Well, in the last edition of Easy Mode, I mentioned that if my review backlog was taken care of, this would be a return to the full featured Easy Mode. Sadly, it's not - I've still got another half a dozen to do, so this week's edition will be slightly shorter than usual. Nonetheless, the Xbox 360 launch and subsequent release of details surrounding the belated Australian launch has given me plenty to rant about.
Matt's Somewhat Serious Bit
Well, the 22nd of November has passed us by, meaning that a few lucky gamers in the US now have their Xbox 360s. I really mean "a few" too - there hasn't been a launch with such a small amount of consoles since Sega's surprise launch of the Saturn at E3 1995. Many people waited for many hours outside their favourite stores, only to either leave the stores empty handed, or leave with a Core system (affectionately known as a "retard pack") instead of a Platinum system. Scalpers were also out in force, taking consoles out of the hands of consumers in order to re-sell them on Ebay at a great profit - some were even getting over the $US2000 mark on Wednesday morning. On top of that, many users have registered complaints with Microsoft customer service regarding a multitude of problems - overheating, constant crashing, inability to get on Xbox Live, and so on.
Microsoft will come out in a few days time and declare that the launch has been a massive success, and that they've made $X million in X days. I can't help but feel that they really rushed this launch - a large proportion of the machines were only manufactured in the last month, and it is believed that they launched only 300,000 units in the US for Tuesday's release, with a 60:40 split between Platinum and Core packs - a far cry from the 80:20 split that Peter Moore suggested. My belief is that Microsoft willingly gambled on Utility theory; that is a person will likely make a decision based on the outcome that gives them the most happiness, not the best expected monetary value - hence, these people would rather fork out the extra money for a Core pack with the Platinum pack accessecories than wait for a Platinum pack to come into stock. Shipments are likely to continue at a slow pace throughout the holiday season, but many stores feel they will not even fill their pre-orders until January.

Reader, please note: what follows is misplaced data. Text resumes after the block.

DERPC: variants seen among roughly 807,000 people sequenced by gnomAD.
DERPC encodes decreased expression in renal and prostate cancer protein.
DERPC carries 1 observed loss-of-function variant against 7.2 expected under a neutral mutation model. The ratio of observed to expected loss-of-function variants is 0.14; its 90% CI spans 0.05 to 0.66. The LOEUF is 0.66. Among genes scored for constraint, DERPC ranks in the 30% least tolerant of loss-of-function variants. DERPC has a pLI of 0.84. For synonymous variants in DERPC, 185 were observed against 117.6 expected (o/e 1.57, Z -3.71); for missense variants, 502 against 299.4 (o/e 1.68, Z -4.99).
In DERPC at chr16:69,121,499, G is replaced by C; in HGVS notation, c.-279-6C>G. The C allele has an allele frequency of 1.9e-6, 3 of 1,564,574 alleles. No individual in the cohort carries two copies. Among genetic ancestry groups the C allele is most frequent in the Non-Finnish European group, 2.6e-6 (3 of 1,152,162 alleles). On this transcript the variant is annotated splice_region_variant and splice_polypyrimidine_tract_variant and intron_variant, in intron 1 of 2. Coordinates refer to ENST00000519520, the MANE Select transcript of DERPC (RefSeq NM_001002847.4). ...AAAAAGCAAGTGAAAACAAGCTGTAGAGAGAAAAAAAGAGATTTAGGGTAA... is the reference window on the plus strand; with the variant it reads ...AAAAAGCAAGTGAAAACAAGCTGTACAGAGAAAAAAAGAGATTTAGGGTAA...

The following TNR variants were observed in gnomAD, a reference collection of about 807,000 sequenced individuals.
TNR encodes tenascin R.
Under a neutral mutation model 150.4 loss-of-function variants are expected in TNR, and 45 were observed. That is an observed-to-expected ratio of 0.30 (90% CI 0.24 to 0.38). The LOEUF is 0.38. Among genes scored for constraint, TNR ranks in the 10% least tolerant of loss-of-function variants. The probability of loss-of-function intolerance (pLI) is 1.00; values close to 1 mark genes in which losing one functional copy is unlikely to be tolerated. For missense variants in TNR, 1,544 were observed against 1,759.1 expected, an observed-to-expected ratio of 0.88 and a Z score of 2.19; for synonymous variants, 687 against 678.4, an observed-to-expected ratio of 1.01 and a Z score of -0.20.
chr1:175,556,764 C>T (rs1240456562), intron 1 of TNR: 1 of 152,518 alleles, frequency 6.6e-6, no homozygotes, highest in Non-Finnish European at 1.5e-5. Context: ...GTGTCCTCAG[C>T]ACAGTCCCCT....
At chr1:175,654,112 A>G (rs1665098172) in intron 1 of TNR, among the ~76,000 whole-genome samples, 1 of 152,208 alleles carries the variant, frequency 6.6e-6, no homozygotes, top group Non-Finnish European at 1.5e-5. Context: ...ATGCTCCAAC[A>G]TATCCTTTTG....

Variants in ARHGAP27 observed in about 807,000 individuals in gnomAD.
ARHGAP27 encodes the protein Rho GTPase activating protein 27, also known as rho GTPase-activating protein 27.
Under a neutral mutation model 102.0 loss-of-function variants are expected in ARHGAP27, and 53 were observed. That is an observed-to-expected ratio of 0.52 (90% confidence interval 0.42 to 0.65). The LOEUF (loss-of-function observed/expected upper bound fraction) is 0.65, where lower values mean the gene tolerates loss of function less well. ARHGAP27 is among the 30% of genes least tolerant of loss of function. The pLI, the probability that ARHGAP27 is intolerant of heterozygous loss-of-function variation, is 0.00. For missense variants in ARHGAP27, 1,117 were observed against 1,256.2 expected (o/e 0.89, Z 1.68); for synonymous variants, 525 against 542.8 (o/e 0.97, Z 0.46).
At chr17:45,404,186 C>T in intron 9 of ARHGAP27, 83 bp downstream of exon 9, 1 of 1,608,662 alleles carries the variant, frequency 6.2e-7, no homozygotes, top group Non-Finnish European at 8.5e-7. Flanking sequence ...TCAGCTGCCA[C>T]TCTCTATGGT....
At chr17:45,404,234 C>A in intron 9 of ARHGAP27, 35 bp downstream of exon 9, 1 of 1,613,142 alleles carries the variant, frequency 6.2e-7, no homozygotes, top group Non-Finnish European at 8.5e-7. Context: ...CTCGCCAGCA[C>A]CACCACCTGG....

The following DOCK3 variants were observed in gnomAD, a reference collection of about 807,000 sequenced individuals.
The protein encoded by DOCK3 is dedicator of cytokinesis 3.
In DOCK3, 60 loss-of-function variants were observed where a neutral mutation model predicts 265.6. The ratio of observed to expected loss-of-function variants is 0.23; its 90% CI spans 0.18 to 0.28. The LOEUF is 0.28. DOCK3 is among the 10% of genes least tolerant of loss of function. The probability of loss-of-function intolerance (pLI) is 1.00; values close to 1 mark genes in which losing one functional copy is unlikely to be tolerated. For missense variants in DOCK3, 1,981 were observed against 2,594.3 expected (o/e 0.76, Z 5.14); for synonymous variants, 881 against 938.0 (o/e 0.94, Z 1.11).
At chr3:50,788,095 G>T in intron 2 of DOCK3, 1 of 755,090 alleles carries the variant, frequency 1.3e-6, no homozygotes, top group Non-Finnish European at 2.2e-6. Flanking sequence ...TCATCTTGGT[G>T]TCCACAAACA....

"I went to the Xbox 360 launch and all I got was this lousy error screen"
About the same time the 360 went on sale in the United States, the details of the Australian launch were revealed - as you'd have already read, PALGN writers were in attendance, and got to sample a bunch of first party titles. The baffling thing (albeit expected) is that Microsoft are waiting until March to get the console out here, despite the fact that PAL units will be available from next Friday. Microsoft have reinterated time after time that Australia is one of their most important markets, and it is pretty obvious from market share figures (the Xbox has its largest market share percentage in Australia) that Australia is Microsoft's best shot at #1 - we should really be something of a testing ground for them, given that our tastes are relatively similar to those of the Americans (except sports, we prefer our Commonwealth bred sports). Why not take a slice of the European launch and give it to Australia, and make some of those loser Eastern-bloc nations miss out? You know they could have effectively launched here with < 50,000 units.